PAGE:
I think for these kids today, all they need is a little push. They need someone, like myself, who has been through and seen the same things they have, to come around and give them a talking to and tell them the right way and what not to do. Because once we leave and they get someone they think is a friend who pressures them, it’s hard for them to make the right decision because of the peer pressure and idea it’s better to fit in than stand out.

But when these kids have adults and role models around who are not only looking out for their best interest, but are actually making themselves available by text, phone call, or to meet up to talk, then it becomes easier for them to say no to the bad choices and yes to the good ones. All they need is to have that support behind them, people they know are helping build them up into the best person they can be. But it can’t be only a sometimes thing, it has be an all the time thing because these kids can tell who is fake and who is real.

It’s important for us as mentors, the adults who these kids will listen to and respect, to get the youth to set individual goals. We want them to set goals or to have an ultimate goal for themselves. Most of these kids don’t have goals other than to have fun or good times with their friends, that’s not a goal. We see it all the time where they’ll get just a little bit of satisfaction from what they are doing in school or from actual hard work and then they’ll immediately flip to okay that’s enough now let me go and hangout with my friends. That mindset comes from not having goals to succeed, not having the goal to be someone who the community looks up to.

If they had goals that are bigger than just hanging out with friends or messing around on social media, then they’d be more willing to say no to the little things that get in their way in order to achieve their goals. That’s the biggest problem with youth today. Their so focused on the immediate and what’s right in front of them that they don’t see the larger picture, they don’t have the passion to set long-term goals and follow through. They don’t understand that by focusing in and setting goals today that they are actually investing in their future.

As mentors, advocates, and educators we have to remain vigilant and get these kids to buy into setting goals and following through. It starts with their education because nothing is more important than getting a good education. A good education means opportunity and with opportunity comes the ability to do what you want to do, not just what you have to in order to scrape by. We know that kids today love doing what they want to do, so now it’s on us to get them to see that through education they can be adults doing what they want to do as well. Getting them to set goals in the classroom and with school is where it starts.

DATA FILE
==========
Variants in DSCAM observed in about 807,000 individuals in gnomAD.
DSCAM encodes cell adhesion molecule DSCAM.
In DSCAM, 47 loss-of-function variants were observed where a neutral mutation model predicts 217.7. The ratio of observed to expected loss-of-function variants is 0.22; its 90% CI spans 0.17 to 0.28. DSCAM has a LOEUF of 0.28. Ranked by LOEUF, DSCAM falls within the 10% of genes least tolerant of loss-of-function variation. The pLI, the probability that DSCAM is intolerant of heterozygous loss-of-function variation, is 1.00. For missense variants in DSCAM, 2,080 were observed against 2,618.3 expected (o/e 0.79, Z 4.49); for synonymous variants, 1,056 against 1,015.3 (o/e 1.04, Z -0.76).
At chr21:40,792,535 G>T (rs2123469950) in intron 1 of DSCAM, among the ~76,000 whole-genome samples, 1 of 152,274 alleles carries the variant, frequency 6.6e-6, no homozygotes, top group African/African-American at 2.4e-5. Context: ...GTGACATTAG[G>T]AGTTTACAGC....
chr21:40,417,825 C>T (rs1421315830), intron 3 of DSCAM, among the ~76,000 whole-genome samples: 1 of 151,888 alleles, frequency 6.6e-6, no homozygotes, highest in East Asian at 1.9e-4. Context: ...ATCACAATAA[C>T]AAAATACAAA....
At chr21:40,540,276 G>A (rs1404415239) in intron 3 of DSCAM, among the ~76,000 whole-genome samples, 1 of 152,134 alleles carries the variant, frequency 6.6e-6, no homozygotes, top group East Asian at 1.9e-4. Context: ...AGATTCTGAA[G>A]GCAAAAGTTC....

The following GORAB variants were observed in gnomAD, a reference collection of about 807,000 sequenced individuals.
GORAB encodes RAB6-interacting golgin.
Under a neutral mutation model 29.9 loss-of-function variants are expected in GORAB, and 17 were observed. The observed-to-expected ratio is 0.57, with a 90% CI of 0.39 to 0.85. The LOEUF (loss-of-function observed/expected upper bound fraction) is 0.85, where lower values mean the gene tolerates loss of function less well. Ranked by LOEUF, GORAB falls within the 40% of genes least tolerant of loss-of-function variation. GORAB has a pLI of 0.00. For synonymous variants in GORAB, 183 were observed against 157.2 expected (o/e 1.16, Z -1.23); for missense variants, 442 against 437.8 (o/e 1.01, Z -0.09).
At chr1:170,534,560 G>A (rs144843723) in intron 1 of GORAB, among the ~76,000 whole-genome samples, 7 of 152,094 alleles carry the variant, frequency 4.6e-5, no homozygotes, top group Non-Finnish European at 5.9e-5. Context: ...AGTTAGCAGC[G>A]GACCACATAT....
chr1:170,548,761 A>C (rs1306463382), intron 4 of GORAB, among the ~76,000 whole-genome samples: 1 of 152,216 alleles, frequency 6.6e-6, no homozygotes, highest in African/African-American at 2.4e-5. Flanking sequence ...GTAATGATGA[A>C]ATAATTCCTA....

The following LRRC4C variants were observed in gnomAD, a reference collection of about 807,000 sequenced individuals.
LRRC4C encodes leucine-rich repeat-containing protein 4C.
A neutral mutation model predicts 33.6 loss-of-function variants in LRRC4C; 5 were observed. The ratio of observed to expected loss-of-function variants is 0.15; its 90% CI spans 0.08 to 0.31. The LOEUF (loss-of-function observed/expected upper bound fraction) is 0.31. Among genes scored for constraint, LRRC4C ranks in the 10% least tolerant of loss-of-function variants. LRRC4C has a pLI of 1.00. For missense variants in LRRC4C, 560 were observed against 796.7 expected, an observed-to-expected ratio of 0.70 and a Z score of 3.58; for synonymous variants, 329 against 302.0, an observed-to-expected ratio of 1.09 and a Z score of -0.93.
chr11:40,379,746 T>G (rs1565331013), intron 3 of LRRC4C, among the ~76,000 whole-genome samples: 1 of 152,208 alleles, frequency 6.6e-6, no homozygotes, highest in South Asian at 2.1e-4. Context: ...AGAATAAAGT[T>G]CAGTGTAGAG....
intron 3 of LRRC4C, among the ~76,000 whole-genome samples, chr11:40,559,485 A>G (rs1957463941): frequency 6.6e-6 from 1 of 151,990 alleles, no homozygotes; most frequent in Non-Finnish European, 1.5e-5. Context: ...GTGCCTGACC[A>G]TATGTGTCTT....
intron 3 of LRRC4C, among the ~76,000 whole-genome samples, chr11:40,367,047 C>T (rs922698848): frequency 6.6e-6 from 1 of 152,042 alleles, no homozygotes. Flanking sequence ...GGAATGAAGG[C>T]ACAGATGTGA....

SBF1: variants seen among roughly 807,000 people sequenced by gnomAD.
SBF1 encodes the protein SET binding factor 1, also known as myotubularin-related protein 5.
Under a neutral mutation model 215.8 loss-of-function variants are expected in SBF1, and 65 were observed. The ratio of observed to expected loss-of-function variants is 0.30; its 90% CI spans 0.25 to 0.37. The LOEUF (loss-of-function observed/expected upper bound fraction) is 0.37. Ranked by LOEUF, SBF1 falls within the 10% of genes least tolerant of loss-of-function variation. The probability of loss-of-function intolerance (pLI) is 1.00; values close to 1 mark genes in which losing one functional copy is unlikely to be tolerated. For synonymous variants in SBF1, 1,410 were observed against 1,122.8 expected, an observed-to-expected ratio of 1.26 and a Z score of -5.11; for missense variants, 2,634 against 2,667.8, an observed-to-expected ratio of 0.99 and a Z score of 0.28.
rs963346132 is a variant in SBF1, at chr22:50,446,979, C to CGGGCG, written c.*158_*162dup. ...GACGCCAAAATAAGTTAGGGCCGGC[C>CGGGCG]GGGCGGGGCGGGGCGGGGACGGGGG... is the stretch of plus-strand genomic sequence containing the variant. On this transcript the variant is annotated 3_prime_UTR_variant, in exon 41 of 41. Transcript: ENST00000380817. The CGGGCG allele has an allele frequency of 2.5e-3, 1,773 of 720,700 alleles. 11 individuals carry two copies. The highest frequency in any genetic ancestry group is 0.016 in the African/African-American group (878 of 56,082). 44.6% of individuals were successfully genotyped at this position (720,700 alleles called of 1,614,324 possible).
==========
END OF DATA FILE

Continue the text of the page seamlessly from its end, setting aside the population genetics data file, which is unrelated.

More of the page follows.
We want them to have goals like, ‘I’m going to get better grades this year than I had last year’, ‘I’m going to make honor roll this semester’, ‘I’m going to graduate with my high school diploma’, and ‘I’m going to go to college’. They seem like no-brainers, but we’ve seen they are too interested in other things and have lost that focus in school and on their education, and I’m going to keep going back to it and say it’s because there’s a lack of goal setting. It’s not good enough to be satisfied with just showing up or only doing enough to get by. We have to want and expect more from them in order to get them to want and expect more from themselves. 

Our mission as mentors is to encourage, and support our youth as they discover who they are and what they want to be. Through goal setting and an emphasis on education as future opportunity for themselves, they’ll be able to become the best person they can be. Once they have that mindset to want better, to be better, everything will start to click and it’s an amazing process to witness. These kids have so much they can accomplish and so many opportunities available to them. When they are empowered to realize they’re capable of reaching their goals and achieving like they never thought before, then this entire community benefits. Let’s do our part to make this happen.”